Experts have told us for years that coated aspirin is easier on the stomach, but few have questioned whether that coating might, in fact, reduce aspirin’s heart benefits.
Now, though, a new study from the University of Pennsylvania — partly funded by Bayer, a major supplier of safety-coated (also called enteric-coated) aspirin — finds that the coating may reduce or delay aspirin’s effect in the blood.
The study, published last week in the journal Circulation, had been designed to discover whether some people are resistant to aspirin’s blood-thinning effects. The much-debated theory of “aspirin resistance” is important, given that millions of Americans take a daily aspirin to prevent blood clots that could cause heart attack or stroke.
Some doctors have charged that aspirin resistance is a shaky concept used to get patients to take more expensive prescription medication.
In the new research, 400 healthy volunteers were given either a regular or an enteric-coated 325 milligram aspirin. Researchers wrote that they “failed to identify a single case of true drug resistance.” Instead, it appeared that the coating was simply reducing the drug’s effects.
Among subjects who took the regular, uncoated aspirin, tests showed it had its intended effect in everyone. Among those who took coated aspirin, however, the protective coating slowed down the drug’s release into the bloodstream, making it initially appear as if the aspirin wasn’t working.
Garret FitzGerald, M.D., chairman of pharmacology at the University of Pennsylvania and one of the study’s authors, said in a statement that there is little evidence that coated aspirin protects the stomach better, and taking it could lead to a false diagnosis of aspirin resistance.
Bayer, however, took issue with some of the study’s conclusions and methods, pointing out in a statement that previous studies of coated aspirin have shown that it works comparably to uncoated aspirin, according to the New York Times. “When used as directed,” the company said, “both enteric and nonenteric coated aspirin provides meaningful benefits, is safe and effective and is infrequently associated with clinically significant side effects.”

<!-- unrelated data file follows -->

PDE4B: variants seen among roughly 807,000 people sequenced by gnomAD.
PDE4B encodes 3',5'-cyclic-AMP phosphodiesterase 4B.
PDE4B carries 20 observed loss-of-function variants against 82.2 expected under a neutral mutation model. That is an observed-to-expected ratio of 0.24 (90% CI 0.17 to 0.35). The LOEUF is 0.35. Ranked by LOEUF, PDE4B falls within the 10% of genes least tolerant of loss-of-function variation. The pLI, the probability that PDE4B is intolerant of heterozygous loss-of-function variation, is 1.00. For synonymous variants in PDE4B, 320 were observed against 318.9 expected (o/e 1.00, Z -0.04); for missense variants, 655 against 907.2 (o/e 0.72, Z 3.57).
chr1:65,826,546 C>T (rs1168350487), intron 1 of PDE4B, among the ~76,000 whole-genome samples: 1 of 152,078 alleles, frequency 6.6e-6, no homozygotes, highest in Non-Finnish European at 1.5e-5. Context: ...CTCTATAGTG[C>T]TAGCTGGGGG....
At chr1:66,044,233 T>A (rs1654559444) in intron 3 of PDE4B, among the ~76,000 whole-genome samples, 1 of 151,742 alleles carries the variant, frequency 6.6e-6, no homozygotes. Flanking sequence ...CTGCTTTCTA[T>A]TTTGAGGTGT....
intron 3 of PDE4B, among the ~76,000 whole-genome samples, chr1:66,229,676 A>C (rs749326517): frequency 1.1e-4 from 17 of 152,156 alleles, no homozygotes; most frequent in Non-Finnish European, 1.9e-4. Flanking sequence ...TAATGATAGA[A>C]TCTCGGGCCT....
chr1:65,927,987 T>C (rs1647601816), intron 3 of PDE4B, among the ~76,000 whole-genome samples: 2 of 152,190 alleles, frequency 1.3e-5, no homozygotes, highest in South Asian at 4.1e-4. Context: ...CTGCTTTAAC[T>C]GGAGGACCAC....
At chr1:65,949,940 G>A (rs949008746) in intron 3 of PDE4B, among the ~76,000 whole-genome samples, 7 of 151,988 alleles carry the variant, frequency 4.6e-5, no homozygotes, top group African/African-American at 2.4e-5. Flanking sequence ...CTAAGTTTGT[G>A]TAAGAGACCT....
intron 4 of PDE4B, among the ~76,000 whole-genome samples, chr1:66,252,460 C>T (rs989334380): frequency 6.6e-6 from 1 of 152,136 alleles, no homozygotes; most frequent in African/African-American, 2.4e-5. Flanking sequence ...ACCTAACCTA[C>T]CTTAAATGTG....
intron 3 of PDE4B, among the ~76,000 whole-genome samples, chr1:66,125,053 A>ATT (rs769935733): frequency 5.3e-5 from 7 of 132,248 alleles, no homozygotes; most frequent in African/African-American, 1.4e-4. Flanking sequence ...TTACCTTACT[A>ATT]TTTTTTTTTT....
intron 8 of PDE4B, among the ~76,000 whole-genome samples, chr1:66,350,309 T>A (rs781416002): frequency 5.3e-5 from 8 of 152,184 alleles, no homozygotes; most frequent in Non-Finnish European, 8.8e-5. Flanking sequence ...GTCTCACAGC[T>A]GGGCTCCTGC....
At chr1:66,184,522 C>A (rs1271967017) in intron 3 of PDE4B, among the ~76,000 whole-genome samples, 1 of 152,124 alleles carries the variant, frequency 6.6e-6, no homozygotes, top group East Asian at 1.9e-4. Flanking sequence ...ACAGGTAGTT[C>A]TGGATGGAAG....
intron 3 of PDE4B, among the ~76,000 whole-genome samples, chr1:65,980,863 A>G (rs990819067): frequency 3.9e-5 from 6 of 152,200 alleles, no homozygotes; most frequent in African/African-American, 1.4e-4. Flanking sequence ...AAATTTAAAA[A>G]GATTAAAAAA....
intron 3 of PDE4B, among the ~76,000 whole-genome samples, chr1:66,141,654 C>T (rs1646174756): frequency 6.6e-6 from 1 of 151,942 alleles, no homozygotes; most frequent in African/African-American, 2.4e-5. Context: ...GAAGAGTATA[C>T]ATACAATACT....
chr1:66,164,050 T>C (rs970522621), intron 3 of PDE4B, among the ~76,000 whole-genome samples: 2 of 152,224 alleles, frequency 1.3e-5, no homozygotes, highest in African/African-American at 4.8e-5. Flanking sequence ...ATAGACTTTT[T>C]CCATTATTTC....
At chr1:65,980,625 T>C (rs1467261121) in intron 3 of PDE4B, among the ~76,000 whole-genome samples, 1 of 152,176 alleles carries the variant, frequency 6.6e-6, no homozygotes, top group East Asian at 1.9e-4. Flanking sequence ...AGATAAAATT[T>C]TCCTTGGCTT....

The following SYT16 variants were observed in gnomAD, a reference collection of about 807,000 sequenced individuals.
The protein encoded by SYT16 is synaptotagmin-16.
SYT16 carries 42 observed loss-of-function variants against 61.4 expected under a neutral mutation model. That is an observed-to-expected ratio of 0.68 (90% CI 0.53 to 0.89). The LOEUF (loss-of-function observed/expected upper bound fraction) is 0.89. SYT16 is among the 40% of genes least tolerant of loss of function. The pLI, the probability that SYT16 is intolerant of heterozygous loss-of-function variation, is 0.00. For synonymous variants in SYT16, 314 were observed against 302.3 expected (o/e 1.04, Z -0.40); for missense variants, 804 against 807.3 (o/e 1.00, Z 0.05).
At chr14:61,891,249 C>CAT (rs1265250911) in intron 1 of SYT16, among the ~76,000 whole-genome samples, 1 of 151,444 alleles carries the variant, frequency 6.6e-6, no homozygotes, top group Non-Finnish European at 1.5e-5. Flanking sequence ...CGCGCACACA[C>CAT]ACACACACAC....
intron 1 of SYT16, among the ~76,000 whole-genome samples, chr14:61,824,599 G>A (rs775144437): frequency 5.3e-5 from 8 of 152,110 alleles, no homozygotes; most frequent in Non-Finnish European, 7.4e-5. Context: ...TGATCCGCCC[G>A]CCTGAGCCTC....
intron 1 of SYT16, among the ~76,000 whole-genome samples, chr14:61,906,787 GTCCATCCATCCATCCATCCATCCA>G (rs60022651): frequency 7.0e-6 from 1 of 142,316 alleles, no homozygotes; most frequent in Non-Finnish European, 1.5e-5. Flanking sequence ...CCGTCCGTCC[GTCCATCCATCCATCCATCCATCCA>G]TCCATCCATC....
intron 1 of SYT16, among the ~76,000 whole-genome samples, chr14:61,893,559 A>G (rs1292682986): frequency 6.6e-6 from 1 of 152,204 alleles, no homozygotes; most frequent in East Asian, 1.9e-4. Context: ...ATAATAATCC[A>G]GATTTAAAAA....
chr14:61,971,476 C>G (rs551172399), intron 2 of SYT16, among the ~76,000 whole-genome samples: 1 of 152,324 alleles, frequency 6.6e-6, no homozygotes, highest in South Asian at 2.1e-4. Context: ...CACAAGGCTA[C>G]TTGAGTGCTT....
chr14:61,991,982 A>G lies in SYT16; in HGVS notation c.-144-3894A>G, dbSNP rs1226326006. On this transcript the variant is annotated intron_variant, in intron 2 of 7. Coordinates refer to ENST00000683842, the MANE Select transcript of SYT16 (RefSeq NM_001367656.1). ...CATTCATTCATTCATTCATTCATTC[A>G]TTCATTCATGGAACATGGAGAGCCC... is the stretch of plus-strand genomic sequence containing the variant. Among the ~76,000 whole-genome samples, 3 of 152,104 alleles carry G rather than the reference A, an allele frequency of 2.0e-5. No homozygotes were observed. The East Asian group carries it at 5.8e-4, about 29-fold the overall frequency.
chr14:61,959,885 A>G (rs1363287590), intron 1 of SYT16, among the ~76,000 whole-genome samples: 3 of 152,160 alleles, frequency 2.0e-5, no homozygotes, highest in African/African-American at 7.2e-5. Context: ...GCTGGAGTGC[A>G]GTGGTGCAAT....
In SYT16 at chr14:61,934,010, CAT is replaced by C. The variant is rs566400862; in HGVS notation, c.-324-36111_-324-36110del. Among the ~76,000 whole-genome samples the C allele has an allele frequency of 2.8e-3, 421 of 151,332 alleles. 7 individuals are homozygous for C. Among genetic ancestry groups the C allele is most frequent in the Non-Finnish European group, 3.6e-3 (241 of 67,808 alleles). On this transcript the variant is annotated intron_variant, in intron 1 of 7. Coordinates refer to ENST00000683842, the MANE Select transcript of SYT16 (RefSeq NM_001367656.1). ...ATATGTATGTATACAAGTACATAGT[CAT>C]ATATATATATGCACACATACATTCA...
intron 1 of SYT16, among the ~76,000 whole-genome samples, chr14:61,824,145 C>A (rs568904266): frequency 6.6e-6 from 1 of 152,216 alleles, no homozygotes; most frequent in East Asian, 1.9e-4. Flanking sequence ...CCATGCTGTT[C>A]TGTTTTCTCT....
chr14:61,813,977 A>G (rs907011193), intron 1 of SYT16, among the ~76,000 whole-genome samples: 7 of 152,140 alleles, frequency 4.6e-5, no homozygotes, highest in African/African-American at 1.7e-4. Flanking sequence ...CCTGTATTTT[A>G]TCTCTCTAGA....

One of the authors of a 2003 study that found aspirin resistance in a small percentage of patients also disagreed with the new study’s conclusions.
Eric Topol, M.D., with the Scripps Research Institute in La Jolla, California, told the Times that the University of Pennsylvania study looked at only healthy volunteers, “which is very different than studying people who actually have heart disease or other chronic illnesses who are taking various medications.” Those conditions or medications could affect the way aspirin works in the body, he told the newspaper.
But cardiologist Sanjay Kaul, M.D., with the Cedars-Sinai Heart Institute in Los Angeles, told Forbes.com that aspirin resistance “has been overblown, driven to a large extent by marketing considerations,” including the use of more expensive medication, such as the antiplatelet drug clopidogrel (brand name Plavix).
Those patients who do have heart disease or other conditions, or who take other medications or have sensitive stomachs, should talk with their health providers about whether they should take coated aspirin, or perhaps a regular aspirin together with an antacid.
In other health news:
Knee replacement linked to weight gain. Reuters reports that 30 percent of knee-replacement-surgery patients gained 5 percent or more of their body weight in the five years following surgery, possibly because they spent years, prior to surgery, adapting to knee pain by taking it easy, so they don’t automatically change their habits when the pain is reduced.
Federal report: Meditation helps with pain, less with stress. The Los Angeles Times reports that a federal panel gave a scientific stamp of approval to meditation as a means of reducing the severity of chronic and acute pain but found the scientific evidence for meditation reducing stress to be weaker and more inconsistent.